Wednesday, May 08, 2013
My response to your Zach Braff comments
Thanks to all of you who commented, even those who disagreed with me. Your arguments were thoughtful, well stated, and you made some great points. See Roseanne? People can take issue with me without calling me an asshat.
And you all are welcome to keep commenting.
But let me respond.
A lot of you contend that Zach Braff has actually brought increased visibility to Kickstarter, which is good for the site and good for the little guy seeking backing for his/her small film. If that is so, then great! My underlining concern is that the unknown filmmaker gets hosed. If in fact, he doesn’t, then I’m thrilled. Will this be the case? I don’t know. I think we’ll have to see in a couple of years. In the meantime, more actors and known quantities will jump on this gravy train. That’s a given. Will unknowns still reap the benefit when there are twenty former sitcom stars asking for your money?
Others said my point that investors have a finite amount they will spend and will put their money into Zach’s project instead of others is a fallacy. It’s not a zero-sum proposition. Okay, you may be right. I have no hard evidence either way.
One reader, Andrew wrote: I'm not sure why you, a professional, published author, are writing a blog. Blogs are supposed to be for people who haven't made the connections to get published yet, or whose views are too outrageous or controversial. How dare you take up valuable cyberspace on Blagger that could be going to unknowns? Uh, the difference is there's more than enough space for all blogs, and I'm not asking for money. I provide the content of this blog for free. And occasionally you get your money's worth.
Angry people asked what right I had to determine who should qualify for Kickstarter and who shouldn’t? I never said Zach Braff should be banned. I just said I didn’t support him.
If you choose to support Zach Braff, fine. Or VERONICA MARS (more on that later).
In Zach’s promotional video (where he was able to get Jim Parson to join him – another advantage he has over the peons) he claims that there were investors willing to back his movie but they wanted some control. They wanted casting approval and final cut. It’s their money, you can’t really blame ‘em for that. And I appreciate his standing up for his vision. But you know what? If he gets his film made, exactly to his satisfaction – he’s still going to have to go to Hollywood for distribution. And it’s not impossible that a buyer might say “We’ll distribute it but we want you to cut this scene or take ten minutes out of the movie or change the music. Now depending on whether he has other offers he might have a big decision to make at that point. He still might end up editing his film to someone else’s specifications.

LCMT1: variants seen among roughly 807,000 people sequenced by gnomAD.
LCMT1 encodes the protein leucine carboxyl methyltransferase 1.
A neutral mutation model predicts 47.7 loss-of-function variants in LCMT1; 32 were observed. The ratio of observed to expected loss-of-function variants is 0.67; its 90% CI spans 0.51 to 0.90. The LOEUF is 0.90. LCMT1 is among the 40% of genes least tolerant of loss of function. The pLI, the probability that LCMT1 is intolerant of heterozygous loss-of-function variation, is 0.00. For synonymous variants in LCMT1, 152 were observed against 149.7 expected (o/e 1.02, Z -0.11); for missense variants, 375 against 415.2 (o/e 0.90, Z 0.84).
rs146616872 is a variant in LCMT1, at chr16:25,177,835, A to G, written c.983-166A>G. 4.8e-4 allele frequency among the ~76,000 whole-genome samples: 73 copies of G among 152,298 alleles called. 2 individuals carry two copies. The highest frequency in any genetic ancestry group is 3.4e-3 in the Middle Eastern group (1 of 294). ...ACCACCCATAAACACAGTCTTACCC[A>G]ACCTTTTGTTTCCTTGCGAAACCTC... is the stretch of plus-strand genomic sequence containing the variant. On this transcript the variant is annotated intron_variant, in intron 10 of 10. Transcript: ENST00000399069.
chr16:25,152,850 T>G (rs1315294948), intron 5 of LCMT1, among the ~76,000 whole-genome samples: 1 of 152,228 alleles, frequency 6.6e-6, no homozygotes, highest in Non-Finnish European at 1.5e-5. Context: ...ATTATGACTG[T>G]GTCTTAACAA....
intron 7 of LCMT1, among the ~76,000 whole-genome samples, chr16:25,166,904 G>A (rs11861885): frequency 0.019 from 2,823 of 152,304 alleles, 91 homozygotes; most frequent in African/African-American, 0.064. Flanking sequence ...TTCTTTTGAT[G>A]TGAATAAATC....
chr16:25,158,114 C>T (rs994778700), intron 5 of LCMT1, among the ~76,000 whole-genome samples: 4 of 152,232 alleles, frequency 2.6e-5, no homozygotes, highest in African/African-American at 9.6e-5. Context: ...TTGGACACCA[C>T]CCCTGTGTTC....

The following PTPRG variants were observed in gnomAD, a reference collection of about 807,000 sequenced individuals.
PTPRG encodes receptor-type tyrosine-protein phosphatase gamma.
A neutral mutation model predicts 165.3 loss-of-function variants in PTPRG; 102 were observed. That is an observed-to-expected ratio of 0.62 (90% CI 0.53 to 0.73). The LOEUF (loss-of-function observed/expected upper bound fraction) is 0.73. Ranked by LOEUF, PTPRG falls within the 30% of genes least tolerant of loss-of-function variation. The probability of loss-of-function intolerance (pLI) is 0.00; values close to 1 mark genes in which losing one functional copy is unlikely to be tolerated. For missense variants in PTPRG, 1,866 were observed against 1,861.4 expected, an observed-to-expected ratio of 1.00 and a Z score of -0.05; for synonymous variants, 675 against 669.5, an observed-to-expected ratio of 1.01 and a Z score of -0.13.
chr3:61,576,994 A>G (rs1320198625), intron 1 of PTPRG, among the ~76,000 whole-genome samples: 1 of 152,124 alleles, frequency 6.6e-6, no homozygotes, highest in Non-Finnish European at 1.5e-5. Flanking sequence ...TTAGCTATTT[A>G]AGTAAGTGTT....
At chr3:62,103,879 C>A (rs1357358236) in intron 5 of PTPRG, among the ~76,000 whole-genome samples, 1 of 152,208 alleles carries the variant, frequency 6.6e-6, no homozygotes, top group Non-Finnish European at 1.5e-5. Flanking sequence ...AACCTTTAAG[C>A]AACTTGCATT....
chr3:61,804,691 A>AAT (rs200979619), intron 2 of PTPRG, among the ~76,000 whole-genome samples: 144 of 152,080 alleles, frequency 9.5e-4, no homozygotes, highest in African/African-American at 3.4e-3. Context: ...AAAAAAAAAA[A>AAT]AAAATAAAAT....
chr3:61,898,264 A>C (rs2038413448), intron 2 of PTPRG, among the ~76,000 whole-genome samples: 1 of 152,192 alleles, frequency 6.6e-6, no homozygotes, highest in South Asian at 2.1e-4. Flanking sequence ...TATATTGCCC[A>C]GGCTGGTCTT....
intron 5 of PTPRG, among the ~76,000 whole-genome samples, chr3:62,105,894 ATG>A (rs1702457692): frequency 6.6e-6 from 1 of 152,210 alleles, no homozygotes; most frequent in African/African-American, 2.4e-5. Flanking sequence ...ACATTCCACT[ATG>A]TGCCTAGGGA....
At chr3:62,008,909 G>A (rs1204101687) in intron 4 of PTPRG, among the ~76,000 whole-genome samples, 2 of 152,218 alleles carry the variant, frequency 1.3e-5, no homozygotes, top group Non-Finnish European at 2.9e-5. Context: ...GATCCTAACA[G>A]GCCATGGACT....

And if his movie does get distributed, some "evil" studio will share in the profits.
Sidebar #2: When Billy Wilder was faced was this same “final cut” issue on the first movie he directed he shot only the angles he would use. There was no other way to cut the film. There were no alternative angles anywhere. So there are ways…
And finally, a lot of you agreed with me about Zach Braff but not VERONICA MARS. You pointed out that creator Rob Thomas did try for years to get Warner Brothers to make it and they flatly refused. This was a viable alternative. There would be no VERONICA MARS movie had it not been for Kickstarter. Fair enough and I’m looking forward to seeing it. I also give Rob Thomas points for ingenuity. He was the first to use Kickstarter in this regard.
One great distinction a lot of you made is that for Rob Thomas and VERONICA MARS, this was an absolute last resort. Zach Braff had backers but chose not to use them. Kickstarter was a luxury for Braff, a necessity for Thomas.
But keep this in mind re VERONICA: Warner Brothers had to approve Rob Thomas’ plan to take the project to Kickstarter. This means Warner Brothers does still own it (or part of it). If it’s a hit they still make a nice profit. Look at it from their perspective. They get a possible hit movie, they didn’t have to lay out a cent for production, and they don't have to share the profits with the investors. They give them T-shirts and souvenirs and they're off the hook. How sweet a deal is that? On a project they didn’t even believe in. What a win/win.
I understand the passion of VERONICA MARS fans and wish there were enough ALMOST PERFECT fans so I could do the same thing. But again, I worry that studios now view this as a viable way to get movies made at no cost to them. Warner Brothers is probably saying, "If only we knew about this before we greenlit JACK THE GIANT SLAYER."
And I’ll just leave you with this – I love Kickstarter because it offers an alternative to the studio system. Hollywood continues to consolidate. Conglomerates get bigger and bigger. And choices become fewer and fewer. The result is a new GI JOE every summer. Through websites like Kickstarter we have the chance to see different, more personal, less commercial fare. We also have the chance to see amateurish shit but that’s beside the point. I just want to make sure those young filmmakers have a shot. That’s all.
And I want my Twitter feed to be so dazzling that Melissa Joan Hart will follow me.
UPDATE: I understand that Zach's fans have been asked to rally to his defense so I'm getting a lot of comments supporting him, which is fine. Please continue (although I'm sure I'll now get a bunch saying that's not true -- whatever). I just want everyone to know why the sentiment seems so skewed. Okay. Get back to bashing.